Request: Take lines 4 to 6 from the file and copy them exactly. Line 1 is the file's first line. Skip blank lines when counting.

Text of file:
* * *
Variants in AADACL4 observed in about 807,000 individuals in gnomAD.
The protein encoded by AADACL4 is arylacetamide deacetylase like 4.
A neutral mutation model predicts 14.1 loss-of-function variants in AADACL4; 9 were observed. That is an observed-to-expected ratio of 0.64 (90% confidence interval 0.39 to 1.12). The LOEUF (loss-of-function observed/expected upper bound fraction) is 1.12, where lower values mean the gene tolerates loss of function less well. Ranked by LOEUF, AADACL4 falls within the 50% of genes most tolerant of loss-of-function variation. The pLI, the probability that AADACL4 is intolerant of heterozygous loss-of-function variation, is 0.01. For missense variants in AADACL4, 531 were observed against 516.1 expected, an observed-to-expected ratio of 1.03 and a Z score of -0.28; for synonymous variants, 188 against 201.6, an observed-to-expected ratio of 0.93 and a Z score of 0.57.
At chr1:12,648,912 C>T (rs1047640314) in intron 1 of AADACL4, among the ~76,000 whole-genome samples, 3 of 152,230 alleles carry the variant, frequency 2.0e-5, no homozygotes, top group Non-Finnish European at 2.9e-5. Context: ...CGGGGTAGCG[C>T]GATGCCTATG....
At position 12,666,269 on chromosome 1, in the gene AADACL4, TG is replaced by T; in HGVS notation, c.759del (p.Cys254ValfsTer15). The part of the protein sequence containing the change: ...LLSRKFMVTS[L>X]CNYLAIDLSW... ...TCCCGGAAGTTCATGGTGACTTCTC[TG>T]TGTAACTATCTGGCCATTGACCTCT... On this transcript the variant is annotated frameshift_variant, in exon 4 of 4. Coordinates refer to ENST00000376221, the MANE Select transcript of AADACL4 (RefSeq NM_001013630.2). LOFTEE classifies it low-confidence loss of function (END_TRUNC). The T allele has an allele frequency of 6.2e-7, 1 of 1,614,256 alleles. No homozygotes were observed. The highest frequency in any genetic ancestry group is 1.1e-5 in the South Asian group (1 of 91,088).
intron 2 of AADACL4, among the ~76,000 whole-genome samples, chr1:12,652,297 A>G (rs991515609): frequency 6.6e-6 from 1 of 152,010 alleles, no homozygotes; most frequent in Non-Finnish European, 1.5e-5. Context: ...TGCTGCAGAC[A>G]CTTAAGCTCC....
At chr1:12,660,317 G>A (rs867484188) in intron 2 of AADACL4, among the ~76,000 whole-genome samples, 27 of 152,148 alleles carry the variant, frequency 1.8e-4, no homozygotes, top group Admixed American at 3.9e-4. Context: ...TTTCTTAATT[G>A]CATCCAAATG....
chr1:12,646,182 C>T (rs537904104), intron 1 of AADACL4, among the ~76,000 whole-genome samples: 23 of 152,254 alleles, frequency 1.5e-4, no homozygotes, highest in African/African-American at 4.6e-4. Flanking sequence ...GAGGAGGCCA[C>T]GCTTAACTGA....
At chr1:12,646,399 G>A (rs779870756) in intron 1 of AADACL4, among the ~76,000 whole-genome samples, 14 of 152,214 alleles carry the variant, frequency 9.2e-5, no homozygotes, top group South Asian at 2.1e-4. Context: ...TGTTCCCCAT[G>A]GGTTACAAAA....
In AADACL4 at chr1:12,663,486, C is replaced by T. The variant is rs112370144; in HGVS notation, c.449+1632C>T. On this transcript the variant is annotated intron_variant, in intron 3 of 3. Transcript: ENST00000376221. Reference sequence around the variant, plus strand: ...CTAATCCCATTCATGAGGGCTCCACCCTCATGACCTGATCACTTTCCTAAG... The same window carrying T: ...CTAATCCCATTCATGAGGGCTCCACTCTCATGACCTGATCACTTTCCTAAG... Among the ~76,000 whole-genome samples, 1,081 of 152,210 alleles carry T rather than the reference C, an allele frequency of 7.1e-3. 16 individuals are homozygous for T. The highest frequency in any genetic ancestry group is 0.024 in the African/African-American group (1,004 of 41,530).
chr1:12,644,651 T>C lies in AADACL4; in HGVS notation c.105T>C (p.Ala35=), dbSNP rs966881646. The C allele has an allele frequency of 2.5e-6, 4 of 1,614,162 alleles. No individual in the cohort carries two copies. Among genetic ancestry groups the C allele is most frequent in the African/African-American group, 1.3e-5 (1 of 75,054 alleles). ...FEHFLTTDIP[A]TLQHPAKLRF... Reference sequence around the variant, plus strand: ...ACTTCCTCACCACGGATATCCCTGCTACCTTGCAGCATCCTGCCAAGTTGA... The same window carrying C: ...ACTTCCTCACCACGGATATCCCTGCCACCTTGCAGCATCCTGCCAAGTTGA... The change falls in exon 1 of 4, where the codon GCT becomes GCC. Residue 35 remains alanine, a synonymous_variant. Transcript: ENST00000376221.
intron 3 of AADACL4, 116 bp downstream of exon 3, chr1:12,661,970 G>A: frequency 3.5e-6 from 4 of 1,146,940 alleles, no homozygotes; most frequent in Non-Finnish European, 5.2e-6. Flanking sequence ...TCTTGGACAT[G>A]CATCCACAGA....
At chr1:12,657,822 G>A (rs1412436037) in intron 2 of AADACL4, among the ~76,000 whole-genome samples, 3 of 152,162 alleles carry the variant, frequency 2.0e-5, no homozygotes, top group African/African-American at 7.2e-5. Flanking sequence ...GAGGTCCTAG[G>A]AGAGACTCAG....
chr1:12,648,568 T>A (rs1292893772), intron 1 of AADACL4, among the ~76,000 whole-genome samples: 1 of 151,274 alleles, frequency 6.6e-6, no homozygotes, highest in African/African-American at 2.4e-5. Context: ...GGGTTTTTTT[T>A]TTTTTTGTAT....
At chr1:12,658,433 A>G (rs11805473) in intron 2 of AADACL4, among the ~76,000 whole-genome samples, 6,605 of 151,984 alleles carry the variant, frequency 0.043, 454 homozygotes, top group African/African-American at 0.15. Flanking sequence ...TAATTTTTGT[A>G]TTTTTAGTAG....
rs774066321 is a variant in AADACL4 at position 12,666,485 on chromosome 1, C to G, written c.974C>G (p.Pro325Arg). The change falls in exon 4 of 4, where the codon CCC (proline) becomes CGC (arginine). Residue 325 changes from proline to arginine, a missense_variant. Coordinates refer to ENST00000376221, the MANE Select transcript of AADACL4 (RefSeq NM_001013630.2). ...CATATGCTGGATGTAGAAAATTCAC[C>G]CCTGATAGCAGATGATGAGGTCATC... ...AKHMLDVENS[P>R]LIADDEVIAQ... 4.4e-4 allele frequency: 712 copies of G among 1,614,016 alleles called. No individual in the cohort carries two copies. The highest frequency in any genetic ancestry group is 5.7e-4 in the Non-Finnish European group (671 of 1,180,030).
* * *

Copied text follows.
At chr1:12,648,912 C>T (rs1047640314) in intron 1 of AADACL4, among the ~76,000 whole-genome samples, 3 of 152,230 alleles carry the variant, frequency 2.0e-5, no homozygotes, top group Non-Finnish European at 2.9e-5. Context: ...CGGGGTAGCG[C>T]GATGCCTATG....
At position 12,666,269 on chromosome 1, in the gene AADACL4, TG is replaced by T; in HGVS notation, c.759del (p.Cys254ValfsTer15). The part of the protein sequence containing the change: ...LLSRKFMVTS[L>X]CNYLAIDLSW... ...TCCCGGAAGTTCATGGTGACTTCTC[TG>T]TGTAACTATCTGGCCATTGACCTCT... On this transcript the variant is annotated frameshift_variant, in exon 4 of 4. Coordinates refer to ENST00000376221, the MANE Select transcript of AADACL4 (RefSeq NM_001013630.2). LOFTEE classifies it low-confidence loss of function (END_TRUNC). The T allele has an allele frequency of 6.2e-7, 1 of 1,614,256 alleles. No homozygotes were observed. The highest frequency in any genetic ancestry group is 1.1e-5 in the South Asian group (1 of 91,088).
intron 2 of AADACL4, among the ~76,000 whole-genome samples, chr1:12,652,297 A>G (rs991515609): frequency 6.6e-6 from 1 of 152,010 alleles, no homozygotes; most frequent in Non-Finnish European, 1.5e-5. Context: ...TGCTGCAGAC[A>G]CTTAAGCTCC....